Home Business Start-Up Secrets
Where will the money come from to start up your business? There are many alternatives, and they all require careful planning. Look at all of your options before making a final decision. Here are some of the more common first funding options for you to consider.
1. YOUR SAVINGS ACCOUNT
The best place to go for initial start-up-capital is your own savings account. I suggest that you put fifty percent of your savings into the company for initial start-up expenses. While this may make you a bit nervous, it is by far the cheapest way to start, and it will demonstrate to others that you in your project. In addition to the blood, sweat, and tears that you'll put into your home business, you have to be willing to invest your own money, too! After all, if you don't have confidence in your project, why should anyone else? If you don't have enough money in your savings account, there are other options.
2. CREDIT CARDS
Many businesses that need working capital use credit cards. I have seen businesses use $100,000 lines on multiple credit cards to get things going. These cards would be personal lines of credit that you have previously established, and you would give a personal guarantee.
You can increase your credit lines if you don't miss payments, and if you pay at least the minimum on time. You can sometimes take advantage of special promotions to get a favorable rate. Some cards offer a low interest rate- at or below the U.S. Prime rate- for six, months if you use their cash advance check service. Then the rate moves up considerably, sometimes to as high as twenty-one percent. But those six months at U.S. Prime are at a better rate than any lender will offer a new or expanding company. Use the card for the six-month period, pay it off, and move on. If you need to find some offers, watch your mail for solicitations, check the Internet, or look in business magazines for credit-card fliers.
3. 401(K) OR KEOGH RETIREMENT PLAN
If you have left a position and have a retirement plan through your old company, you may be able to borrow against it at some value. You are basically borrowing your own money, but the rates are usually reasonable.
While I propose borrowing against your retirement plan, I do not recommend that you take money out of the plan permanently. There are large penalties, and the taxes of the pullout are severe. Taxes and penalties can wipe out as much a fifty percent of your retirement plan's value if you withdraw all of your money before you turn sixty-two years old.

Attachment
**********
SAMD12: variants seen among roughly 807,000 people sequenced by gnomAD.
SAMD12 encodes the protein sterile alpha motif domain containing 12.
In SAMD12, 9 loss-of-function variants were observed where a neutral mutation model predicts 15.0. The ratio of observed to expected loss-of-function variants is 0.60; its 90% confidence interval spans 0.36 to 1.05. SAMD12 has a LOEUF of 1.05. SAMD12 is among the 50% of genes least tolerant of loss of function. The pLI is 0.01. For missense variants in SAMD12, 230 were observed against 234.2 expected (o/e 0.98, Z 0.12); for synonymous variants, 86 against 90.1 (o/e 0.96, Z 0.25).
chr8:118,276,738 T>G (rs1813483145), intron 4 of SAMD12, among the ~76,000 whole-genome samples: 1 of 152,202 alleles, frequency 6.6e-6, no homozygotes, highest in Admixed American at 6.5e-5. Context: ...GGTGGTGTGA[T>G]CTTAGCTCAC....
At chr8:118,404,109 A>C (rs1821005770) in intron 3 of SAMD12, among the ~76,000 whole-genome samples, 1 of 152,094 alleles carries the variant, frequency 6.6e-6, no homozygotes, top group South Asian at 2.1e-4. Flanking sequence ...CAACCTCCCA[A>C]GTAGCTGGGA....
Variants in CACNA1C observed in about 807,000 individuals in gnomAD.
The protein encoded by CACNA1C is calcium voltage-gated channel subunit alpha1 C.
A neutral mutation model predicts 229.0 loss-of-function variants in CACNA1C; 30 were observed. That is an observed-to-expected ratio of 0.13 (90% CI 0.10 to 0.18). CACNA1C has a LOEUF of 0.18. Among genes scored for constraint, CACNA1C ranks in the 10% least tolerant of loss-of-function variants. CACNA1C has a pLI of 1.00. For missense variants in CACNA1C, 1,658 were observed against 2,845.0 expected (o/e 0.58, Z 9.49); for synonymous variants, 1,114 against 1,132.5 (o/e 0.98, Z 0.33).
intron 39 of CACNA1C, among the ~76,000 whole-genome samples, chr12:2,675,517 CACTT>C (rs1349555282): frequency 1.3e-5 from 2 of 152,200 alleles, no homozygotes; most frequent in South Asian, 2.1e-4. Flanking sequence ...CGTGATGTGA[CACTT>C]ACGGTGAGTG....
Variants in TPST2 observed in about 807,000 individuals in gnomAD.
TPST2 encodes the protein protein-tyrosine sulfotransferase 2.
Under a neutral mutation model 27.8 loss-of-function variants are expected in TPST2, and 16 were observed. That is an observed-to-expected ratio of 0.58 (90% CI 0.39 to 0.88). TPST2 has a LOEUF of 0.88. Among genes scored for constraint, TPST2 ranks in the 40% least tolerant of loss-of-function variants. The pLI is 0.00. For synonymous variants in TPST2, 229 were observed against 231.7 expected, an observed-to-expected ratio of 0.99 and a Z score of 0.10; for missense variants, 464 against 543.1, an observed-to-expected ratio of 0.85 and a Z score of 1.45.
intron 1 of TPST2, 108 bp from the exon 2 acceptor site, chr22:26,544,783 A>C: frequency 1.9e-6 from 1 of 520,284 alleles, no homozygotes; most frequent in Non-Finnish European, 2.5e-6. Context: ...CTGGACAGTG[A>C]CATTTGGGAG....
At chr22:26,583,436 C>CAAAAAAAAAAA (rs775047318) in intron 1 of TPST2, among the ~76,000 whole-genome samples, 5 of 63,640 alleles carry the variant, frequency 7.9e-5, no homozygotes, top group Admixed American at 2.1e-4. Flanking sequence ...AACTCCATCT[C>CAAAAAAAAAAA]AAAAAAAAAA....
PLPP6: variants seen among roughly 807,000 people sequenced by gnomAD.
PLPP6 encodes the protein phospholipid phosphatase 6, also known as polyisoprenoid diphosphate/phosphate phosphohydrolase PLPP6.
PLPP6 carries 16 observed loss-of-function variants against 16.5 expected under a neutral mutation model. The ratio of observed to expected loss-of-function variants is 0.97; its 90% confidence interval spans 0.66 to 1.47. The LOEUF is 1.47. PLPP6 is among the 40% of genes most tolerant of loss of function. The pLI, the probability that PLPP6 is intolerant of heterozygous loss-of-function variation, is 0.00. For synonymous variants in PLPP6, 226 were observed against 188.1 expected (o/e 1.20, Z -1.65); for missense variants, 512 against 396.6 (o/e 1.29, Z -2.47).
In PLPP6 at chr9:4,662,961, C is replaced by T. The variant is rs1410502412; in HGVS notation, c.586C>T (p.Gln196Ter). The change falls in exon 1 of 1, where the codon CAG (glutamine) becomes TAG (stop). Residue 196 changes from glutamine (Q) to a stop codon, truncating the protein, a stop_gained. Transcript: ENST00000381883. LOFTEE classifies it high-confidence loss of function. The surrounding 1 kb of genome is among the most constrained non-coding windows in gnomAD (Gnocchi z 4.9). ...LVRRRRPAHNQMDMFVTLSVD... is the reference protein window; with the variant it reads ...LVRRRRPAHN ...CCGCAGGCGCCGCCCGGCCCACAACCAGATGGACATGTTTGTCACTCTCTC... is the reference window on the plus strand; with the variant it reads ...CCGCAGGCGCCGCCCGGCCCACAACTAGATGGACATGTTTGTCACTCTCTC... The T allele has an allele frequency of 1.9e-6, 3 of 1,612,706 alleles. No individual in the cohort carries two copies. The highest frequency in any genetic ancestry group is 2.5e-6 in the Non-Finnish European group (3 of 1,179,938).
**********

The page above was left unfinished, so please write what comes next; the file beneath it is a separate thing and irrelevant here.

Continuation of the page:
4. LIFE INSURANCE
Your insurance policy may be another funding option, especially of you have a whole life policy with a sizeable cash surrender value. Call your insurance agent for the details of your policy. Every policy is a bit different, but you may be able to withdraw the majority of your cash for a good rte with not underwriting.
5. SECOND MORTGATE LINE OF CREDIT
If you own a home, you may be able to get a second mortgage and use the money for your home business. All states, except Texas, allow a homeowner to get a second mortgage to secure a line of credit for business purposes. (Texas does allow second mortgages, but the use of those funds is regulated.) Many mortgage companies, banks, or private lenders will lend from 90 to 125 percent of the value your home on a second mortgage. Some lenders will offer the line of credit only for a specific use; however, many larger lenders will offer a checking account type of credit line for business usage.
The interest rates on the loan can be excellent- much lower than credit card debt or unsecured lines of credit. Some of the larger lenders now process applications for a second mortgage line of credit on the Internet.
6. MORTGAGE-FREE HOME
If you don't have a mortgage on your home, you can obtain a line of credit for your new business by using your home as collateral. Once you are approved for the loan, you can write checks against a specific, predetermined amount that is secured by a lien on your home. This is an excellent way to use just the funds you need, when you need them.
7. PAWN SHOP
Don't turn up your nose right away, especially if your personal credit is lousy. Pawnshops may be a bit out of the ordinary for funding the next "mega" company, but everybody starts somewhere. If you have an old stereo system, camera, electronic components, or jewelry, and you need $1,000 for a new company computer, consider visiting the local pawn shop. See if it works. You have nothing to lose.
8. YOUR TOYS
Small business is demanding. When you are starting out on your own, you need cash. Get rid of the "toys" you may have accumulated over the years. Do you have a nice Harley, jet skis, a boat, snow skis, or a hot tub you haven't used in years? Plan ahead and get as much as you can by selling the items in the appropriate seasons. Think of your toys as cash, and sell them!
Source: Home Business Magazine
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